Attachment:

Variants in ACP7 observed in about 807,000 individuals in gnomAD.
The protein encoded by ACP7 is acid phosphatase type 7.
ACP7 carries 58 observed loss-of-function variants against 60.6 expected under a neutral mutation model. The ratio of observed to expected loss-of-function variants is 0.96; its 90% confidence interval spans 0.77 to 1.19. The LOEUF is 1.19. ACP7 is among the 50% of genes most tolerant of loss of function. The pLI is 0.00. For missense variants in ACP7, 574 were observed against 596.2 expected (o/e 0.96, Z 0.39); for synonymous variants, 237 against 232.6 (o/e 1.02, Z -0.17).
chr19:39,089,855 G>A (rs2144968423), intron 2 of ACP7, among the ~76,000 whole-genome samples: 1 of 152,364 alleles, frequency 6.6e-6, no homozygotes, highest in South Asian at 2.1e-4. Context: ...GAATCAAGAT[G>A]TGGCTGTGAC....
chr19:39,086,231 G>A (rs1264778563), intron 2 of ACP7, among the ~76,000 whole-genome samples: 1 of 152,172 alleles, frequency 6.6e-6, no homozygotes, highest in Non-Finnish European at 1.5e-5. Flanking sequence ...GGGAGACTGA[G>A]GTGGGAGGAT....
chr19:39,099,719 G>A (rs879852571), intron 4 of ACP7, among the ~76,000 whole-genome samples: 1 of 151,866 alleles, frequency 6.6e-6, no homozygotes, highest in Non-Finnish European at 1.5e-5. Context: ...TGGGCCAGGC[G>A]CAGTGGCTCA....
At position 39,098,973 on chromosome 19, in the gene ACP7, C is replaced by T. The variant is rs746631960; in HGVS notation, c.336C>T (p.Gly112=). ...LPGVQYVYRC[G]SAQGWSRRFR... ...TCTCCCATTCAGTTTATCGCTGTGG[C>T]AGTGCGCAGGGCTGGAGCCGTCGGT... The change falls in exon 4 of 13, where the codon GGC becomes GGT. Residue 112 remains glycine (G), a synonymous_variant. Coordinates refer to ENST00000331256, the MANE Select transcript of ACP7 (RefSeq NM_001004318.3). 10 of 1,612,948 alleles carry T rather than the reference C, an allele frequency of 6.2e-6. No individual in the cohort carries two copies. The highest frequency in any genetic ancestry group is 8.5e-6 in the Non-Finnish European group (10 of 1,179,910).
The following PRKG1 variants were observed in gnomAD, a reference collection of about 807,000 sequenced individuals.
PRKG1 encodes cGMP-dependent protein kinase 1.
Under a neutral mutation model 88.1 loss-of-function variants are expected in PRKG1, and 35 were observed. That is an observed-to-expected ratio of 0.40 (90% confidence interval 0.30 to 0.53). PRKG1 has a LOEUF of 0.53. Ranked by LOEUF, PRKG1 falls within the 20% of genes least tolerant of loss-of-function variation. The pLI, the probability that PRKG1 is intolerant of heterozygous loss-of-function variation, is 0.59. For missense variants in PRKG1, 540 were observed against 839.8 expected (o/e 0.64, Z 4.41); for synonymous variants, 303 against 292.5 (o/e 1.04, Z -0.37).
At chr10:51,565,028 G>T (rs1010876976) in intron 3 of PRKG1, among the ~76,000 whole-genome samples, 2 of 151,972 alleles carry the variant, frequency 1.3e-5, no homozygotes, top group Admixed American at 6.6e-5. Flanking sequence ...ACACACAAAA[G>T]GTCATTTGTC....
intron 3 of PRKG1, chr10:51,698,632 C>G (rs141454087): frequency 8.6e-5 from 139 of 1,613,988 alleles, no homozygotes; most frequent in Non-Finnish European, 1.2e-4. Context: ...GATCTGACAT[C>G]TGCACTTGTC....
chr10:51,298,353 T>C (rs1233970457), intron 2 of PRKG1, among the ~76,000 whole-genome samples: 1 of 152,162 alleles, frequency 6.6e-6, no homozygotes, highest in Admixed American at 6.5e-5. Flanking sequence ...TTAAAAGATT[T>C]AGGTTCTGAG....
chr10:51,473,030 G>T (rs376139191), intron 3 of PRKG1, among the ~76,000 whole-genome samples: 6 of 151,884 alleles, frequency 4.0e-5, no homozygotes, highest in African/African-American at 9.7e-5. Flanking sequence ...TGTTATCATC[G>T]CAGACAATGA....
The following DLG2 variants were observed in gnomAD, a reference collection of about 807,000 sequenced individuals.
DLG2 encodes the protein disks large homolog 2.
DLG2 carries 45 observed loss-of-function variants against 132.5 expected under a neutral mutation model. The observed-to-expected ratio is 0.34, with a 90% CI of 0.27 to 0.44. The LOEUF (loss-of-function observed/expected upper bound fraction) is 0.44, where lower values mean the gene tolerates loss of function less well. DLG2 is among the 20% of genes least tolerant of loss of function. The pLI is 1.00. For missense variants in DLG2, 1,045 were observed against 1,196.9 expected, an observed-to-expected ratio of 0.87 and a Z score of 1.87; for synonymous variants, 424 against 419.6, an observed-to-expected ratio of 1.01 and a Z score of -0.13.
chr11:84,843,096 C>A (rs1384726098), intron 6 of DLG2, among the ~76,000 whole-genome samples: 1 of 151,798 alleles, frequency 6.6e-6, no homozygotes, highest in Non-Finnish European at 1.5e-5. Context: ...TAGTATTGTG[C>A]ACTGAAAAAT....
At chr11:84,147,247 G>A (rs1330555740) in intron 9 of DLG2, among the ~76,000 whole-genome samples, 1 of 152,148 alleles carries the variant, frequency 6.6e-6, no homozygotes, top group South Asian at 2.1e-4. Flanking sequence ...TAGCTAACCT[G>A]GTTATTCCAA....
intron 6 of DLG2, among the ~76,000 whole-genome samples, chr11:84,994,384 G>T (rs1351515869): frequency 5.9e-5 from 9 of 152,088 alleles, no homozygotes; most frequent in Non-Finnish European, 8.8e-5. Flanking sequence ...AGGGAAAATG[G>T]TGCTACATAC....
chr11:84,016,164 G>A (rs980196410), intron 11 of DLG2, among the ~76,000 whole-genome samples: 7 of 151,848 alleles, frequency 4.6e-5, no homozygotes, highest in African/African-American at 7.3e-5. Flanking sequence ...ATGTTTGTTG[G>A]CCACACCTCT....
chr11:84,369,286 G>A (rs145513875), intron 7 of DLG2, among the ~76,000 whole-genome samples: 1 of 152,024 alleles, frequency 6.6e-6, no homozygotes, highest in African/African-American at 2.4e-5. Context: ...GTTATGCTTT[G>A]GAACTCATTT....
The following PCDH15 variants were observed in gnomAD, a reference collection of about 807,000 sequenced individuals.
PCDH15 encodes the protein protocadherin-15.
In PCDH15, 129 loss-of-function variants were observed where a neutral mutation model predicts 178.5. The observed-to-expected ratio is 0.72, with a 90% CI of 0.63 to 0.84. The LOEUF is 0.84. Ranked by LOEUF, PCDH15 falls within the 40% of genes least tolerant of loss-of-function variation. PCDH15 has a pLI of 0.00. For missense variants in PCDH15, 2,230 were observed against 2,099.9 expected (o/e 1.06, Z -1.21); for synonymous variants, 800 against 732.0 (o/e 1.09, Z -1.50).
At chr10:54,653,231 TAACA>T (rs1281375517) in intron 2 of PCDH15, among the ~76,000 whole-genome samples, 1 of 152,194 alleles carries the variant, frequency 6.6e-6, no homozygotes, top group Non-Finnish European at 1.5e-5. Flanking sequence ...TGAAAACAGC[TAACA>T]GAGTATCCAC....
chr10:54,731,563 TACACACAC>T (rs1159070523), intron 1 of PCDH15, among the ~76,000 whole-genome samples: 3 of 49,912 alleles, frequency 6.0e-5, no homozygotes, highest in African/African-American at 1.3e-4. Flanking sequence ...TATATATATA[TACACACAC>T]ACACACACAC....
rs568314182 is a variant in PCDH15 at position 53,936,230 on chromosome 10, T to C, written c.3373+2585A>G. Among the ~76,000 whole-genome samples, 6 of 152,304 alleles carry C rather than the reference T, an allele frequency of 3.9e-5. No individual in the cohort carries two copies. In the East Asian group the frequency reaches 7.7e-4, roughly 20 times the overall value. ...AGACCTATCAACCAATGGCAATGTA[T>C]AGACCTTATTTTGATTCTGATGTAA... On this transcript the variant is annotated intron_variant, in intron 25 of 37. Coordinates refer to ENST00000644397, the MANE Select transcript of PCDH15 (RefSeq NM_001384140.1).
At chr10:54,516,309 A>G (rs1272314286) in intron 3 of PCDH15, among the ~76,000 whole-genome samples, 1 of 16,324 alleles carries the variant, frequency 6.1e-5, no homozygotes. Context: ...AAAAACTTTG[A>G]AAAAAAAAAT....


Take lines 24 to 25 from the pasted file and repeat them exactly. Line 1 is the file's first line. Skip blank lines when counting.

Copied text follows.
PCDH15 encodes the protein protocadherin-15.
In PCDH15, 129 loss-of-function variants were observed where a neutral mutation model predicts 178.5. The observed-to-expected ratio is 0.72, with a 90% CI of 0.63 to 0.84. The LOEUF is 0.84. Ranked by LOEUF, PCDH15 falls within the 40% of genes least tolerant of loss-of-function variation. PCDH15 has a pLI of 0.00. For missense variants in PCDH15, 2,230 were observed against 2,099.9 expected (o/e 1.06, Z -1.21); for synonymous variants, 800 against 732.0 (o/e 1.09, Z -1.50).